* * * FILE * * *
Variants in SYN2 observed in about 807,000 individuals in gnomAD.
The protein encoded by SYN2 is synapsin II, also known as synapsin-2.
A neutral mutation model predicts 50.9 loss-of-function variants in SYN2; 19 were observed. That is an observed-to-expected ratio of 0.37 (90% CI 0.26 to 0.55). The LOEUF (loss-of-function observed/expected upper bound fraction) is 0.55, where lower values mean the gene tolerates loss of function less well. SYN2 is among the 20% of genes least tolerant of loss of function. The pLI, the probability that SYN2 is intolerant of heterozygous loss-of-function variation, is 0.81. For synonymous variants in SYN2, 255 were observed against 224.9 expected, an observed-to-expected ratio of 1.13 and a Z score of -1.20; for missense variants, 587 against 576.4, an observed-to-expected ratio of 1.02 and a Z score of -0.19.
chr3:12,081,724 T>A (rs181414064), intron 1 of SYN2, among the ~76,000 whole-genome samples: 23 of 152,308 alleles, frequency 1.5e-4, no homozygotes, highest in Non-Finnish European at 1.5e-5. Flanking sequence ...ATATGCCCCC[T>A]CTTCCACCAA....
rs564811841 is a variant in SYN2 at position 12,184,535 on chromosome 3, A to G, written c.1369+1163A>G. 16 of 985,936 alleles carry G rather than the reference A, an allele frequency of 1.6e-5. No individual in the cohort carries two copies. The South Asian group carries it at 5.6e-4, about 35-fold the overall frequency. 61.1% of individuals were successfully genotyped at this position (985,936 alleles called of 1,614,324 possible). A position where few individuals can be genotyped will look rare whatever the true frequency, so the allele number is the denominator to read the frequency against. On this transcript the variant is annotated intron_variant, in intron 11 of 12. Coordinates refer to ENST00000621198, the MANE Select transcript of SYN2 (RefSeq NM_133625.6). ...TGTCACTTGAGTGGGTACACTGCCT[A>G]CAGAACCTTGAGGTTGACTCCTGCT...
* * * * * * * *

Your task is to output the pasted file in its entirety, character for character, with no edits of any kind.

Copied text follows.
Variants in SYN2 observed in about 807,000 individuals in gnomAD.
The protein encoded by SYN2 is synapsin II, also known as synapsin-2.
A neutral mutation model predicts 50.9 loss-of-function variants in SYN2; 19 were observed. That is an observed-to-expected ratio of 0.37 (90% CI 0.26 to 0.55). The LOEUF (loss-of-function observed/expected upper bound fraction) is 0.55, where lower values mean the gene tolerates loss of function less well. SYN2 is among the 20% of genes least tolerant of loss of function. The pLI, the probability that SYN2 is intolerant of heterozygous loss-of-function variation, is 0.81. For synonymous variants in SYN2, 255 were observed against 224.9 expected, an observed-to-expected ratio of 1.13 and a Z score of -1.20; for missense variants, 587 against 576.4, an observed-to-expected ratio of 1.02 and a Z score of -0.19.
chr3:12,081,724 T>A (rs181414064), intron 1 of SYN2, among the ~76,000 whole-genome samples: 23 of 152,308 alleles, frequency 1.5e-4, no homozygotes, highest in Non-Finnish European at 1.5e-5. Flanking sequence ...ATATGCCCCC[T>A]CTTCCACCAA....
rs564811841 is a variant in SYN2 at position 12,184,535 on chromosome 3, A to G, written c.1369+1163A>G. 16 of 985,936 alleles carry G rather than the reference A, an allele frequency of 1.6e-5. No individual in the cohort carries two copies. The South Asian group carries it at 5.6e-4, about 35-fold the overall frequency. 61.1% of individuals were successfully genotyped at this position (985,936 alleles called of 1,614,324 possible). A position where few individuals can be genotyped will look rare whatever the true frequency, so the allele number is the denominator to read the frequency against. On this transcript the variant is annotated intron_variant, in intron 11 of 12. Coordinates refer to ENST00000621198, the MANE Select transcript of SYN2 (RefSeq NM_133625.6). ...TGTCACTTGAGTGGGTACACTGCCT[A>G]CAGAACCTTGAGGTTGACTCCTGCT...